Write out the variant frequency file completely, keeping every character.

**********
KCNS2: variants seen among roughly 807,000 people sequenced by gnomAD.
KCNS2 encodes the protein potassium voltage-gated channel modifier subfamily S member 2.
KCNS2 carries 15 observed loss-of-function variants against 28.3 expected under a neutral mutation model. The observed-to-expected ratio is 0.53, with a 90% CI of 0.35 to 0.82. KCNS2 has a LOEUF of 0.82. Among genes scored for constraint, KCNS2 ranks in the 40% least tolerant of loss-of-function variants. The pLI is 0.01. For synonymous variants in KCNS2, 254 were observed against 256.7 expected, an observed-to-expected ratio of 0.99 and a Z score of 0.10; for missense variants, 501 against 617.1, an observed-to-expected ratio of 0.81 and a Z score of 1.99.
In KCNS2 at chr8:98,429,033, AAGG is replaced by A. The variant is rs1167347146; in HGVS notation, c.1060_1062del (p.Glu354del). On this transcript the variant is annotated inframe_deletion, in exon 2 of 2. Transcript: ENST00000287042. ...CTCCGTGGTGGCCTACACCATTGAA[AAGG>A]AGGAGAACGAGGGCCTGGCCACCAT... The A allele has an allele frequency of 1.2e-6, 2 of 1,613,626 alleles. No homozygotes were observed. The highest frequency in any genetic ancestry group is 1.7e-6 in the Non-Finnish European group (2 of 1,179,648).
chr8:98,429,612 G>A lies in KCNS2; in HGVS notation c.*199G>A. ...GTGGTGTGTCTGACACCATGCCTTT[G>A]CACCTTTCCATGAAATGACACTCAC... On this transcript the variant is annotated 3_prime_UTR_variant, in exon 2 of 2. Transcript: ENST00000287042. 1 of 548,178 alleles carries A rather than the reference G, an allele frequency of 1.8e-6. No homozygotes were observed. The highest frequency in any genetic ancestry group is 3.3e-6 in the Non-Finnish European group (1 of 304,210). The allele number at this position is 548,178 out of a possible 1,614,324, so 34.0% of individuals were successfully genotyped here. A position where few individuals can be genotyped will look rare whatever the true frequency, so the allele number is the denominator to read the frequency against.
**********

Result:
KCNS2: variants seen among roughly 807,000 people sequenced by gnomAD.
KCNS2 encodes the protein potassium voltage-gated channel modifier subfamily S member 2.
KCNS2 carries 15 observed loss-of-function variants against 28.3 expected under a neutral mutation model. The observed-to-expected ratio is 0.53, with a 90% CI of 0.35 to 0.82. KCNS2 has a LOEUF of 0.82. Among genes scored for constraint, KCNS2 ranks in the 40% least tolerant of loss-of-function variants. The pLI is 0.01. For synonymous variants in KCNS2, 254 were observed against 256.7 expected, an observed-to-expected ratio of 0.99 and a Z score of 0.10; for missense variants, 501 against 617.1, an observed-to-expected ratio of 0.81 and a Z score of 1.99.
In KCNS2 at chr8:98,429,033, AAGG is replaced by A. The variant is rs1167347146; in HGVS notation, c.1060_1062del (p.Glu354del). On this transcript the variant is annotated inframe_deletion, in exon 2 of 2. Transcript: ENST00000287042. ...CTCCGTGGTGGCCTACACCATTGAA[AAGG>A]AGGAGAACGAGGGCCTGGCCACCAT... The A allele has an allele frequency of 1.2e-6, 2 of 1,613,626 alleles. No homozygotes were observed. The highest frequency in any genetic ancestry group is 1.7e-6 in the Non-Finnish European group (2 of 1,179,648).
chr8:98,429,612 G>A lies in KCNS2; in HGVS notation c.*199G>A. ...GTGGTGTGTCTGACACCATGCCTTT[G>A]CACCTTTCCATGAAATGACACTCAC... On this transcript the variant is annotated 3_prime_UTR_variant, in exon 2 of 2. Transcript: ENST00000287042. 1 of 548,178 alleles carries A rather than the reference G, an allele frequency of 1.8e-6. No homozygotes were observed. The highest frequency in any genetic ancestry group is 3.3e-6 in the Non-Finnish European group (1 of 304,210). The allele number at this position is 548,178 out of a possible 1,614,324, so 34.0% of individuals were successfully genotyped here. A position where few individuals can be genotyped will look rare whatever the true frequency, so the allele number is the denominator to read the frequency against.